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Brooks v. United States Va Administration

United States District Court, M.D. Tennessee, Nashville Division

March 24, 2015

WANDA E. BROOKS, for Jesse W. Brooks Estate, Plaintiff,
v.
UNITED STATES VA ADMINISTRATION, Defendant.

MEMORANDUM

KEVIN H. SHARP, Chief District Judge.

On December 4, 2014, the Magistrate Judge issued a Report and Recommendation (R&R) (Docket No. 31) on the defendant's motion to dismiss filed on August 29, 2014 (Docket No. 21), recommending that the motion be granted and that this action be dismissed with prejudice.

Pending before the court are Objections to the R&R timely filed by the plaintiff (Docket No. 40), a response filed by the defendant (Docket No. 42), and the plaintiff's reply to that response (Docket No. 43). For the reasons discussed below, the court finds that the plaintiff's Objections lack merit and should be overruled.

I. Introduction

Plaintiff Wanda E. Brooks brought this pro se action pursuant to the Federal Tort Claims Act, 28 U.S.C. §§ 1346, 2671-2680 ("FTCA"), alleging that medical providers with the Department of Veteran's Affairs ("VA") failed to diagnose her husband's cancer, resulting in his wrongful death. (Docket No. 1). By order entered on January 29, 2014, this case was referred to the Magistrate Judge to recommend ruling on any dispositive motion. (Docket No. 7).

On August 29, 2014, the defendant filed a motion to dismiss (Docket No. 21) and a memorandum in support thereof (Docket No. 22). The defendant contends that this action should be dismissed pursuant to Federal Rule of Civil Procedure 12(b)(6) because the plaintiff has failed to state a claim upon which relief can be granted. In addition, the defendant contends that the United States is entitled to dismissal because the plaintiff failed to file the certificate of good faith required by Tennessee Code Annotated § 29-26-122.

In response, the plaintiff urges the court not to dismiss her case, alleging that she is entitled to leniency as a pro se plaintiff, that a certificate of good faith is not required under the circumstances of this case, and that she has medical proof that the defendant did not diagnose and treat her late husband's cancer properly. (Docket No. 30 at pp. 1-2).

II. Report and Recommendation

In the R&R (Docket No. 31), the Magistrate Judge first recommends that the court terminate the "United States VA Administration" as a defendant and insert the United States as the proper defendant to this action. ( Id. at p. 1). Next, the Magistrate Judge recommends that the defendant's motion to dismiss be granted because the plaintiff is required to file a certificate of good faith under Tennessee Code Annotated § 29-26-122 and that the plaintiff has failed to file such a certificate. ( Id. at p. 3). The Magistrate Judge notes that the plaintiff has not alleged that her failure to provide such a certificate is due to being unable to obtain copies of the records or any other "extraordinary cause." ( Id. at p. 8). Because the plaintiff has failed to meet the statutory requirements pursuant to Tennessee Code Annotated § 29-26-122 and has not provided an excuse for failing to provide the certificate of good faith required by Tennessee law, the Magistrate Judge recommends that this action be dismissed with prejudice. ( Id. )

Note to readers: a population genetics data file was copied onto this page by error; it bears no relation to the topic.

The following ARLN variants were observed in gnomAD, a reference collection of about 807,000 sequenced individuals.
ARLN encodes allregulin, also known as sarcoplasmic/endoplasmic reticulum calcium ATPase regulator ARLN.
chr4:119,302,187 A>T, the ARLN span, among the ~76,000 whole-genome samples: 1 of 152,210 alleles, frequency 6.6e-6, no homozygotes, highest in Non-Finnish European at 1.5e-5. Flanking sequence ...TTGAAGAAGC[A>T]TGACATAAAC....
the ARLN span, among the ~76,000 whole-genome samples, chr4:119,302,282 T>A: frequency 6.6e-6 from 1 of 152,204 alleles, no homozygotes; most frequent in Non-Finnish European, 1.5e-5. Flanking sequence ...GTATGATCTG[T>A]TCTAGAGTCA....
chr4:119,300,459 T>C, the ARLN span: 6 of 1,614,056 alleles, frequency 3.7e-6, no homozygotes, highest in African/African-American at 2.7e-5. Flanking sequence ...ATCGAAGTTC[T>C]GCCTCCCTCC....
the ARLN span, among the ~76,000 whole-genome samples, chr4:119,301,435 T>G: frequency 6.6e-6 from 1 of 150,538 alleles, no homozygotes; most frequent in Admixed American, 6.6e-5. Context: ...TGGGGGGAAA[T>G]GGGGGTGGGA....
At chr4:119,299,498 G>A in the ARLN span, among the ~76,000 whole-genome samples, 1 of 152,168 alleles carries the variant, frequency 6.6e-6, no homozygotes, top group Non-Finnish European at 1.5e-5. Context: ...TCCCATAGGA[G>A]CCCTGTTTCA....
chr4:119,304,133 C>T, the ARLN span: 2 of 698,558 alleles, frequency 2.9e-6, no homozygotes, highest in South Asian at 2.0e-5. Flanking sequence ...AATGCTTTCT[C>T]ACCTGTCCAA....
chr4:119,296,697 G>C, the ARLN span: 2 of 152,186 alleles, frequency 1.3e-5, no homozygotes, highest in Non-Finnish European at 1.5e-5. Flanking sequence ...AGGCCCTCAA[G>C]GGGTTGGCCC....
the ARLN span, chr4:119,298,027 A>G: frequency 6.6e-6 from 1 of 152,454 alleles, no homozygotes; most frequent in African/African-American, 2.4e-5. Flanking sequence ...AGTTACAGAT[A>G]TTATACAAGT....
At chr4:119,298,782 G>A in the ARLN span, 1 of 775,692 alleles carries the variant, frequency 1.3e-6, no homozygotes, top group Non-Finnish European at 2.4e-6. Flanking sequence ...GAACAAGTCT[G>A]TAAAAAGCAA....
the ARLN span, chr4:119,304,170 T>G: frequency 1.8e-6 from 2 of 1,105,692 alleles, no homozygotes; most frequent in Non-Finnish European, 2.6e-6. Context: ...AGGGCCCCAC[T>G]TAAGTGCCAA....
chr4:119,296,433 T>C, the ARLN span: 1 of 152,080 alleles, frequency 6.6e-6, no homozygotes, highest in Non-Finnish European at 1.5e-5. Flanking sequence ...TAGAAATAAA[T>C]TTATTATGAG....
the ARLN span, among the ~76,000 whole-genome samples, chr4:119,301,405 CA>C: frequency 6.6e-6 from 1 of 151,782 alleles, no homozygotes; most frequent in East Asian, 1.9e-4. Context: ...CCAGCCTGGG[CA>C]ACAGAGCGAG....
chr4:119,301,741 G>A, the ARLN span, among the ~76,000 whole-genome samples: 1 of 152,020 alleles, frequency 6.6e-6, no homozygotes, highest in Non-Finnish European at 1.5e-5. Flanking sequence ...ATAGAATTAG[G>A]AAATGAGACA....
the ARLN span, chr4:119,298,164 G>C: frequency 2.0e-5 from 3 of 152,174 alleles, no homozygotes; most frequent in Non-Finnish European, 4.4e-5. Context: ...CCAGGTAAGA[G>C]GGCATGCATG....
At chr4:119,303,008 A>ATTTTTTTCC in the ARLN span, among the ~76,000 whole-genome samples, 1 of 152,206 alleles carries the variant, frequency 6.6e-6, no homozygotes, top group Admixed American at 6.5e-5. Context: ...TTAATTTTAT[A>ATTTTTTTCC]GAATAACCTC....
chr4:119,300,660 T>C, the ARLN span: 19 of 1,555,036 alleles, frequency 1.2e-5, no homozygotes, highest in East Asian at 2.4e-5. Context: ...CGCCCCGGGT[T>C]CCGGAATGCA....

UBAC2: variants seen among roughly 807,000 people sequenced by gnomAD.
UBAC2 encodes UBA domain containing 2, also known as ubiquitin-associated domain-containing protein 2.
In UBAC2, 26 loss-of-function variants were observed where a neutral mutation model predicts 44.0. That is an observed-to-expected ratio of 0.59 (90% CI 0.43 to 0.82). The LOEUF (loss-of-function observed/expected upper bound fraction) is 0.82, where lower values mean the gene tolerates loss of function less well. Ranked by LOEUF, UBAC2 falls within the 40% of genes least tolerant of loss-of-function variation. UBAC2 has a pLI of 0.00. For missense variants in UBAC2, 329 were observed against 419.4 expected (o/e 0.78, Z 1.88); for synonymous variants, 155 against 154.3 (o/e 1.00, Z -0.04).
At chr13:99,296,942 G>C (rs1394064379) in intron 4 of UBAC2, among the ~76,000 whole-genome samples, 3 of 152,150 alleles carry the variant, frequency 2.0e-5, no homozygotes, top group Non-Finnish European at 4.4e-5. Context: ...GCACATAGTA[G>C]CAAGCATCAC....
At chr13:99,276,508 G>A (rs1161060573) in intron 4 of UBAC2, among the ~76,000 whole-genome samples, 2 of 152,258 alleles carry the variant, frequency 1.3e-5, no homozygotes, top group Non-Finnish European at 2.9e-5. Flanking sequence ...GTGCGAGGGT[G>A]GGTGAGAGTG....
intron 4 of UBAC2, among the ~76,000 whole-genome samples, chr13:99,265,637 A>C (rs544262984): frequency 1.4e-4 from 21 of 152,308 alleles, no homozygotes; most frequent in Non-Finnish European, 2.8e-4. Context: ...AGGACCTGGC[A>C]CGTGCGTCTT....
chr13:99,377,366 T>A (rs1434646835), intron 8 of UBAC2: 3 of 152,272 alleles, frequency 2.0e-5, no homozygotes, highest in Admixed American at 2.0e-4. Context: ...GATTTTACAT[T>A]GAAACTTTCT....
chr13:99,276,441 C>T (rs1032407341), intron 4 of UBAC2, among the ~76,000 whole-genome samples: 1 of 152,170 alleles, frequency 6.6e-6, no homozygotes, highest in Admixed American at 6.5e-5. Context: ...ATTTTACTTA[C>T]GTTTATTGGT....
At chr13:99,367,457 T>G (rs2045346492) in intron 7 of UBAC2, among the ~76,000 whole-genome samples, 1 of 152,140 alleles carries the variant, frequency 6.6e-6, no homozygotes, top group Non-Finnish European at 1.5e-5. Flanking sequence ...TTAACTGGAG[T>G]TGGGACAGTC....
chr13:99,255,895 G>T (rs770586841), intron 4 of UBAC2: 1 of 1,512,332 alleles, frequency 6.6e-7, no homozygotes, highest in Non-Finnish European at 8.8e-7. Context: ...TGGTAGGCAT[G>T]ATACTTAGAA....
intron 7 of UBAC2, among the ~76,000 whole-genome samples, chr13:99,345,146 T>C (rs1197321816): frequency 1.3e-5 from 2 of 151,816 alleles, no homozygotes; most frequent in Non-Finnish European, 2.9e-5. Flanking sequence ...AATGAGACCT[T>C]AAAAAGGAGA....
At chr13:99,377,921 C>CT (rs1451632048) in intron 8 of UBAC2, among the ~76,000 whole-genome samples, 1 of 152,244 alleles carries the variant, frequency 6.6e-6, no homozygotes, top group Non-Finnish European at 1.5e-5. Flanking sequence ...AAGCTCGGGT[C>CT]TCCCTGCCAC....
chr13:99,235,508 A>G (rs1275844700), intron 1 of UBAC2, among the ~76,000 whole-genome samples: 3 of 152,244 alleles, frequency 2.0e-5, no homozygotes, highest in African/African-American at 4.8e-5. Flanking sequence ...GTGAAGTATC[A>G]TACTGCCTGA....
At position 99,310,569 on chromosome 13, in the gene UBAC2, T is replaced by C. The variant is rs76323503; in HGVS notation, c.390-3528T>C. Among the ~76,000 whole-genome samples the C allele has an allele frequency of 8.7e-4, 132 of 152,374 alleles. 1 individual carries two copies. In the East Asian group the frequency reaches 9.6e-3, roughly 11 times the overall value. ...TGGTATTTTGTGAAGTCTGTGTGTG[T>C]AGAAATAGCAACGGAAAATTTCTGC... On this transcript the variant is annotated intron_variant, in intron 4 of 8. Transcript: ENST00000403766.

III. Standard of Review

Here, the Magistrate Judge's R&R concerns a dispositive pretrial matter. Under Federal Rule of Civil Procedure 72(b), the district court must review any portion of the R&R to which a specific objection is made under the de novo standard. Id.; 28 U.S.C. § 636(b)(1)(C); United States v. Curtis, 237 F.3d 598, 603 (6th Cir. 2001).

IV. Plaintiff's Objections to the R&R

The plaintiff has filed Objections to the Magistrate Judge's recommendation to dismiss this action. (Docket Nos. 40, 43).[1]

The plaintiff's first Objection is that she should not be required to file a certificate of good faith in this case. It is undisputed that the plaintiff did not file a ...


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